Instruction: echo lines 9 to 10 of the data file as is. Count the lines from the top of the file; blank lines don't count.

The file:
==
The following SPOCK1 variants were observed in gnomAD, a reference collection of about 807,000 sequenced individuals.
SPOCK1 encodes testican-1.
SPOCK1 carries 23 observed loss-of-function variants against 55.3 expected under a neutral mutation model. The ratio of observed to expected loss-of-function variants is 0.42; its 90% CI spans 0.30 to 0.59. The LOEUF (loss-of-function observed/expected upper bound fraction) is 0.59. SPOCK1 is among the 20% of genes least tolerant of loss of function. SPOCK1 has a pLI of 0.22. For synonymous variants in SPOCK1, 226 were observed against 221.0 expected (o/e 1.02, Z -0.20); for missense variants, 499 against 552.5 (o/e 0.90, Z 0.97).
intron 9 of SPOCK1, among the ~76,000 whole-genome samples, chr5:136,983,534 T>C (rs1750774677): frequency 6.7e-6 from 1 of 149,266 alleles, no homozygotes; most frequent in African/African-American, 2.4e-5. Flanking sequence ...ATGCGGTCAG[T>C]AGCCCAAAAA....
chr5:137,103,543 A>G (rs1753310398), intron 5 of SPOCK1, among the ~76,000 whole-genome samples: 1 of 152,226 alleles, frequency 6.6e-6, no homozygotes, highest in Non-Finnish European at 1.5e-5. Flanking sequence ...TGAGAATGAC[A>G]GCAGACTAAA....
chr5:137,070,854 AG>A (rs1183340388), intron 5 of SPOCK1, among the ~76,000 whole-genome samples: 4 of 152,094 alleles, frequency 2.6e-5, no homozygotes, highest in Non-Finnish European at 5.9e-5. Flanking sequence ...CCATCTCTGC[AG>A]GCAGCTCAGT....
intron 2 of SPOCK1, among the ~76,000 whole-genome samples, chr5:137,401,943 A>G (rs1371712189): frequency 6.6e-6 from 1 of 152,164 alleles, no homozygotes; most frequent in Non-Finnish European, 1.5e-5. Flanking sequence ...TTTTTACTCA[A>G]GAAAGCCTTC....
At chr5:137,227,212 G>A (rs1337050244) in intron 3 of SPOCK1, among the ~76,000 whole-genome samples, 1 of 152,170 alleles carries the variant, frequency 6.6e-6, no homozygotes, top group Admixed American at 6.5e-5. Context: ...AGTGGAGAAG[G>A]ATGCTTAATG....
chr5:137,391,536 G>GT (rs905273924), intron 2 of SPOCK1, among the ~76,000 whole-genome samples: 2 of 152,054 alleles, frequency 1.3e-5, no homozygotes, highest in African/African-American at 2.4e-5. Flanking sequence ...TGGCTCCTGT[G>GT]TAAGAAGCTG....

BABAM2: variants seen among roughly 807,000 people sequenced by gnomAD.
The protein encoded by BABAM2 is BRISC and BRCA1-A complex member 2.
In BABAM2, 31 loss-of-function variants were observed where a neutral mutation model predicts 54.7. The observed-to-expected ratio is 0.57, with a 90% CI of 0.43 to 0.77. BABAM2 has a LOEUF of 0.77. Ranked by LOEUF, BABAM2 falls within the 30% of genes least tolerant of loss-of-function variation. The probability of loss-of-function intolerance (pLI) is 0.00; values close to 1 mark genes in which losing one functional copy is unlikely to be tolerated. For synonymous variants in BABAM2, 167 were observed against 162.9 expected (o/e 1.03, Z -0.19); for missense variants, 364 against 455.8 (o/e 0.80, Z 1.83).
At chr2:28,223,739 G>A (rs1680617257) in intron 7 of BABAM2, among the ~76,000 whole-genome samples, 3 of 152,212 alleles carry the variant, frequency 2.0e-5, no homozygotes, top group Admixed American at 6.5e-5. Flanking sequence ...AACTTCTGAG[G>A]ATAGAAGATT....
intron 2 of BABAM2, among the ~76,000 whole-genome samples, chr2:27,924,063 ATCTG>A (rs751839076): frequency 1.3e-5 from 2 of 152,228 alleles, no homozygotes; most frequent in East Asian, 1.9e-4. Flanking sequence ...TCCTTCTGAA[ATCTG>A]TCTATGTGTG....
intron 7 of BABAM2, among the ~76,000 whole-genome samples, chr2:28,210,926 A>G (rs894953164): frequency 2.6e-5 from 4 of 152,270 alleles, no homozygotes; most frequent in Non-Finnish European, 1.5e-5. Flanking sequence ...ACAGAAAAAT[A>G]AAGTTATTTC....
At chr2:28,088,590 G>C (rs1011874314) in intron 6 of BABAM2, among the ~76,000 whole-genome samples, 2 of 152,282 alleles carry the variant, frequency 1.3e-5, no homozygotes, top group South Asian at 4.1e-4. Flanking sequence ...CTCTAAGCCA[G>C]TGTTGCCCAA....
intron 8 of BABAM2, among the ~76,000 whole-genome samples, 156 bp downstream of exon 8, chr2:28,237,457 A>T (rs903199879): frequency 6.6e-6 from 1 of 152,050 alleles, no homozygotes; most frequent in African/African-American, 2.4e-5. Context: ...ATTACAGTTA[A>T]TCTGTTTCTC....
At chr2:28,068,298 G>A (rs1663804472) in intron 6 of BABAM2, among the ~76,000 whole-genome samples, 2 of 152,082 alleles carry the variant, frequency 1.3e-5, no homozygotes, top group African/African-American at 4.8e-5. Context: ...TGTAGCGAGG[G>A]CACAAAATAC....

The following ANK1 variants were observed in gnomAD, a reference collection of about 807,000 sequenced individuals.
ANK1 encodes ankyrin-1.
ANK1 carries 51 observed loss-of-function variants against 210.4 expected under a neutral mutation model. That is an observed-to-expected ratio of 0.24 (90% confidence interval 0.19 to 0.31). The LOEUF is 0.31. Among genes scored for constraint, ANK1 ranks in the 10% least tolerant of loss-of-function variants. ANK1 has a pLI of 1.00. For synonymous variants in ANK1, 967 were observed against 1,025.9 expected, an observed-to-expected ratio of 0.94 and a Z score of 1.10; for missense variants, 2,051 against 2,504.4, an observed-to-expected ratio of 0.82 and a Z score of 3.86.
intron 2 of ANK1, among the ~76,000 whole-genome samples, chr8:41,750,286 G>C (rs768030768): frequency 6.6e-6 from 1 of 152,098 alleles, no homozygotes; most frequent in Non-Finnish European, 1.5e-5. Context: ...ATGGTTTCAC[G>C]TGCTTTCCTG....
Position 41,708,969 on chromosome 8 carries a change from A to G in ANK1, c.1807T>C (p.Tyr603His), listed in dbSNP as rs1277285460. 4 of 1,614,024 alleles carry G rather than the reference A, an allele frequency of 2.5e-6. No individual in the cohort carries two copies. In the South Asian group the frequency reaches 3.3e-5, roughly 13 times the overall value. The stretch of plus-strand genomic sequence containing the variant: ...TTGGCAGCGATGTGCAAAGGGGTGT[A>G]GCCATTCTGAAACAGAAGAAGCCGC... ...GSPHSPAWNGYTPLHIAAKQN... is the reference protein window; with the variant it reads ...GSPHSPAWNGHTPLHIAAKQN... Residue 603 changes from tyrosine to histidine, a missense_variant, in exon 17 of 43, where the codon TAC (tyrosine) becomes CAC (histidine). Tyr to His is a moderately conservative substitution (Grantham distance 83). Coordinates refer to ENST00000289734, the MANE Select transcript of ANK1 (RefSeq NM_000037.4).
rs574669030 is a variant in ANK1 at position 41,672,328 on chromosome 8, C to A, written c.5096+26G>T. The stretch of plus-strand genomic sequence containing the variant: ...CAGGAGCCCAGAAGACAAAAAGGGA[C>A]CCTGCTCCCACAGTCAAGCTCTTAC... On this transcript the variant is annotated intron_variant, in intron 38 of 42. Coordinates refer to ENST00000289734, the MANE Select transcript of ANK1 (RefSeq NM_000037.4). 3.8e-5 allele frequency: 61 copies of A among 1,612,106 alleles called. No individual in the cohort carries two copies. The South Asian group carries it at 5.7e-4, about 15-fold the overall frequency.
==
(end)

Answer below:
chr5:137,391,536 G>GT (rs905273924), intron 2 of SPOCK1, among the ~76,000 whole-genome samples: 2 of 152,054 alleles, frequency 1.3e-5, no homozygotes, highest in African/African-American at 2.4e-5. Flanking sequence ...TGGCTCCTGT[G>GT]TAAGAAGCTG....

BABAM2: variants seen among roughly 807,000 people sequenced by gnomAD.